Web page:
Hello there! I'm Dr. Vinifera, or "Vinny" for short. Ask me your toughest wine questions, from the technical aspects of winemaking to the fine points of etiquette. I hope you find my answers educational and even amusing. Looking for a particular answer? Check my archive and my FAQs. You can also follow me on Twitter: @AskDrVinny.
Dear Dr. Vinny,
I had a sommelier at a local prime steakhouse tell me that makers of higher-end wines (California Cab, for example) put their "best" wine of a particular cuvee in large-format bottles before the regular 750ml bottles are filled. Is this true?
—Tom C., Birmingham, Ala.
It's not true. But I get so many questions along these lines, I checked with Craig Williams, the winemaker at Joseph Phelps, just to be sure, and this is his response:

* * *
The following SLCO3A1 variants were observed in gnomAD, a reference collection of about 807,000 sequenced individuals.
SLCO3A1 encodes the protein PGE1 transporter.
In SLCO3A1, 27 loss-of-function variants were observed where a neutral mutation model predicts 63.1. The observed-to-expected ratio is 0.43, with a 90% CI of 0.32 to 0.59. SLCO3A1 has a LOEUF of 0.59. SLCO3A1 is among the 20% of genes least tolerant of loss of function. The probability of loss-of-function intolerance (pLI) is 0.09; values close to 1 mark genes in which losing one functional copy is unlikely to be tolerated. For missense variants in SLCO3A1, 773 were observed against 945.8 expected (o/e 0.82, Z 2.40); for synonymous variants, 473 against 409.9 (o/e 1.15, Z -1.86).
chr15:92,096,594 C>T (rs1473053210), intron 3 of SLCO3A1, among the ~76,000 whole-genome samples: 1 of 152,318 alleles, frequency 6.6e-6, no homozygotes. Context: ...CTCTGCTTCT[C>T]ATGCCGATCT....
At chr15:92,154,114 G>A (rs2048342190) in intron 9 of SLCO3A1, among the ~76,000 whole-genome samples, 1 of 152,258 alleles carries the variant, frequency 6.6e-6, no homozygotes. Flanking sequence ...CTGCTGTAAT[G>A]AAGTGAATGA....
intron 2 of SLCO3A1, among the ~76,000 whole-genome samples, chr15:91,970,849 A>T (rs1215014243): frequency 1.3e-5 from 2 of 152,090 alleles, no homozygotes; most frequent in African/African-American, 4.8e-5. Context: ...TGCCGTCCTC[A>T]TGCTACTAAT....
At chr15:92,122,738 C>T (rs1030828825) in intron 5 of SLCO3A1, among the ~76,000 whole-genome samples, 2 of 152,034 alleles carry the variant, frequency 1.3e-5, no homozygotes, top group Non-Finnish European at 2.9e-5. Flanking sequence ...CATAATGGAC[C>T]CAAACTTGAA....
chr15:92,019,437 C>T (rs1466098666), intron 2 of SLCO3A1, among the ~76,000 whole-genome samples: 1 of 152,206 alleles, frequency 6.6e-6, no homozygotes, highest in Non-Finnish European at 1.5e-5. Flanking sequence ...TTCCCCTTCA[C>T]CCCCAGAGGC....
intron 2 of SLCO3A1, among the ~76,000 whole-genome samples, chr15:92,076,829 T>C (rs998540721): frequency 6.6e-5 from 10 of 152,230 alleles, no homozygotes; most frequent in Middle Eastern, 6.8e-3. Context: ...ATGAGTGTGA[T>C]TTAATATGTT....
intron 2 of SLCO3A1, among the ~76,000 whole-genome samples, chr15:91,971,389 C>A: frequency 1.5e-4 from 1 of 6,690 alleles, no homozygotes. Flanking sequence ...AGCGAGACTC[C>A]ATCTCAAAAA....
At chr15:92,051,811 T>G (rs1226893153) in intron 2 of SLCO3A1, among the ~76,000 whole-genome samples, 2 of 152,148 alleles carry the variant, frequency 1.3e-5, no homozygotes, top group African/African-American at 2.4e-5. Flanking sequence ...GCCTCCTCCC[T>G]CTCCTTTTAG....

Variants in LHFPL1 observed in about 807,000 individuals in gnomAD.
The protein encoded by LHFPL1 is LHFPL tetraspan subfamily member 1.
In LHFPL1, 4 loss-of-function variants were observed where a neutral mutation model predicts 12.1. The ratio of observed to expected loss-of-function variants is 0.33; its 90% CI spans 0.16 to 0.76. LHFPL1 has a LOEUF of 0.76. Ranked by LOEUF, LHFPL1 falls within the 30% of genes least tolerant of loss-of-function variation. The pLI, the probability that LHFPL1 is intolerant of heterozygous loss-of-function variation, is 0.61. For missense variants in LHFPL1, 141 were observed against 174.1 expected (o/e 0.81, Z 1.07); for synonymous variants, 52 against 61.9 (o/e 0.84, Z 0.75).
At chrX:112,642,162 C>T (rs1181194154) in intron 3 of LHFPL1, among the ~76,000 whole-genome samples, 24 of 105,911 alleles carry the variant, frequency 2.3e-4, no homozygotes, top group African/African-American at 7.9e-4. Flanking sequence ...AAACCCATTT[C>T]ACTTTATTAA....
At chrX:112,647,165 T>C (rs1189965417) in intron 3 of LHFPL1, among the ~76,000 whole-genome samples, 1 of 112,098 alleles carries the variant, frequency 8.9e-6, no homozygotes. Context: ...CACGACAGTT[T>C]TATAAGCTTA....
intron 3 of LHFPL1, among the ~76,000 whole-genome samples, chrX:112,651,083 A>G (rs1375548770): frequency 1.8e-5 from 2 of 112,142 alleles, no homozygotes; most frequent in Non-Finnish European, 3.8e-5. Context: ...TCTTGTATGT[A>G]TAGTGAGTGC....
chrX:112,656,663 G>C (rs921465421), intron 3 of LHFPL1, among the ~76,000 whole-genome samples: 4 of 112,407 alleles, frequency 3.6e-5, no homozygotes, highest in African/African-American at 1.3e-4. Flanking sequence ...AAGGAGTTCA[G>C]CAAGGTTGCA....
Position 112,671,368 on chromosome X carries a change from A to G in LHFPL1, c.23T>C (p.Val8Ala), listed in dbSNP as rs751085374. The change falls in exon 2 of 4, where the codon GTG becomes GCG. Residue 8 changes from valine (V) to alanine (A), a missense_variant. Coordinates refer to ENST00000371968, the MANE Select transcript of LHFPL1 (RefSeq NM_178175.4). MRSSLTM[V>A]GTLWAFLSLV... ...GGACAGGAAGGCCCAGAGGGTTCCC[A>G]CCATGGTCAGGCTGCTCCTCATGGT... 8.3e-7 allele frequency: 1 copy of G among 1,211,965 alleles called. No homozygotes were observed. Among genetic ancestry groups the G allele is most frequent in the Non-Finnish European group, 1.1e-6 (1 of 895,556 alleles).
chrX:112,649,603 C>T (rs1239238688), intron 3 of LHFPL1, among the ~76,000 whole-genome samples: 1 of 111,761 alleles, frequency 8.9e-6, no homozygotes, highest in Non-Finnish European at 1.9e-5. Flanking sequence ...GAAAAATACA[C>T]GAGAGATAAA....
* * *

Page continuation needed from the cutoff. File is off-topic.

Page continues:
"While we normally bottle the large-formats first, followed by the 750ml bottles, all bottles obtain their wine from the same tank[s]. To do otherwise would be a commercial disaster. Aging differences are another matter, though."
Craig's right: the larger-format bottles tend to age more slowly, and they make for good trophies. I'm guessing the myth that there is better wine in the bottles in the first place was created as a marketing ploy.
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